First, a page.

In three days I will board a plane and wing my way through the friendly skies to sunny California! Yes, I am off to visit my daughter Julie’s family for a week—and I am so excited I can hardly wait! I am crossing things off my lists as I prepare to go—make and freeze food for Bob and Robbie while I am gone; make sure all the bills are paid and prescriptions picked up; clean house; pack suitcases; print boarding passes… I am sure Julie, son-in-law David, and their six children are just as busy on the other end getting ready for Grandma’s visit.
Speaking of my son-in-law, I have to brag on him for a moment. Julie called the other day and said David had noticed that I would only be there five full days after taking away the traveling days on either end of my trip. “That’s not long enough! Call your mom,” he told Julie, “and tell her if she wants to stay a few more days, I’ll pay for the change in her ticket.” Now, I ask you, how many men do you know who can’t get enough of their mothers-in-law and want them to stick around any longer than necessary? Bless his heart! It was a sweet offer, but I could not see him paying $200 for just a couple days more of my presence—plus, Bob needs me to come home and take care of Robbie so he can get back to work. So I will go and be thankful for the (short) time I have with them and enjoy every minute of it!
It is always non-stop fun when I visit David and Julie and their six children. Five of the six are BIG kids now—James is 18, Benjamin and Anastasia are 17, Joshua is 15 and Hannah is almost 12—but just as grown up in many ways as her older siblings. Only Josiah is little still. He is not quite one year old. The last time I was out there he was a newborn and they were just bringing him home from the hospital. I can’t wait to see the changes in that little rascal! I am sure he will keep us entertained! Julie says he is a wild child on wheels. He gets going in his walker, leans forward and lifts his feet in the air as he zooms around the kitchen. I can’t wait to see that!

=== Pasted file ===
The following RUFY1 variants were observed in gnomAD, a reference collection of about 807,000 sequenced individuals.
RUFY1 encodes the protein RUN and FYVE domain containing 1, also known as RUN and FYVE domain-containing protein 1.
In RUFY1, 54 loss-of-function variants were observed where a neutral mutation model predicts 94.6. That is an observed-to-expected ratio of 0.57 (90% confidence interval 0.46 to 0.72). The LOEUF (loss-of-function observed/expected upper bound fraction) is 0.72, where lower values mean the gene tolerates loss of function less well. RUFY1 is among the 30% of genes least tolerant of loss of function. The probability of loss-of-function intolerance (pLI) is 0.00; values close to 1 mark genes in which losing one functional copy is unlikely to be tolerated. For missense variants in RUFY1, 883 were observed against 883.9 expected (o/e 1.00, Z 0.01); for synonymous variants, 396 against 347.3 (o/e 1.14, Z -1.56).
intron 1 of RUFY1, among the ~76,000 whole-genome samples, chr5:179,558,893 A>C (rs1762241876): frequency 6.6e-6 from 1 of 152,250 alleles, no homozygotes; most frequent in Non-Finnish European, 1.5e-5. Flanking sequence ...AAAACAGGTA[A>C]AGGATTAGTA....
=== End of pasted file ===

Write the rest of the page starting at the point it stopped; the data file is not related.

The Big Five make their own fun, too. They love to play games, and if a game is one-on-one, such as ping pong or Connect Four or Battleships, they hold tournaments. They all play musical instruments and several of them enjoy different crafts. They’re all very active and love to hike, swim, fish, do archery and target shooting, ride bikes and skate… Julie and David jump right in and do many of those activities with them.
Grandma slows them down a bit when I come, but we will spend hours every day I am there playing games, or they will put on a concert for me, and we will cook or bake together or do crafts. They even taught me to shoot a bb-gun the last time I was there and I am looking forward to that again! One of our favorite activities together is to go to the beach—not to swim (there are sharks in that area and swimming is prohibited)—but just to explore the shore and enjoy God’s creation.